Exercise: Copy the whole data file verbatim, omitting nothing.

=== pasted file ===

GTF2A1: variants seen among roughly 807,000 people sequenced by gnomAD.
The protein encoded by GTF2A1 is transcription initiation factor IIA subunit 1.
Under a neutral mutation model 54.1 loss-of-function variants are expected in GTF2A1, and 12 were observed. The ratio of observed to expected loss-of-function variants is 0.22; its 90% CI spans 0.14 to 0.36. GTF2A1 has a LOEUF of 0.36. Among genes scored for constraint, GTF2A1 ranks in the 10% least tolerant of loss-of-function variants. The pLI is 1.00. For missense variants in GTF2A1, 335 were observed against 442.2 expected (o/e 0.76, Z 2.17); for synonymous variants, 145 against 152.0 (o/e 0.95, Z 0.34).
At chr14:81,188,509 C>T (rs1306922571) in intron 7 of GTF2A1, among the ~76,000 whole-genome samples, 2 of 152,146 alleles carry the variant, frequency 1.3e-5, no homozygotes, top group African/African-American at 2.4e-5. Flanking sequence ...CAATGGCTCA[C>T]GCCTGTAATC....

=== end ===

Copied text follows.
GTF2A1: variants seen among roughly 807,000 people sequenced by gnomAD.
The protein encoded by GTF2A1 is transcription initiation factor IIA subunit 1.
Under a neutral mutation model 54.1 loss-of-function variants are expected in GTF2A1, and 12 were observed. The ratio of observed to expected loss-of-function variants is 0.22; its 90% CI spans 0.14 to 0.36. GTF2A1 has a LOEUF of 0.36. Among genes scored for constraint, GTF2A1 ranks in the 10% least tolerant of loss-of-function variants. The pLI is 1.00. For missense variants in GTF2A1, 335 were observed against 442.2 expected (o/e 0.76, Z 2.17); for synonymous variants, 145 against 152.0 (o/e 0.95, Z 0.34).
At chr14:81,188,509 C>T (rs1306922571) in intron 7 of GTF2A1, among the ~76,000 whole-genome samples, 2 of 152,146 alleles carry the variant, frequency 1.3e-5, no homozygotes, top group African/African-American at 2.4e-5. Flanking sequence ...CAATGGCTCA[C>T]GCCTGTAATC....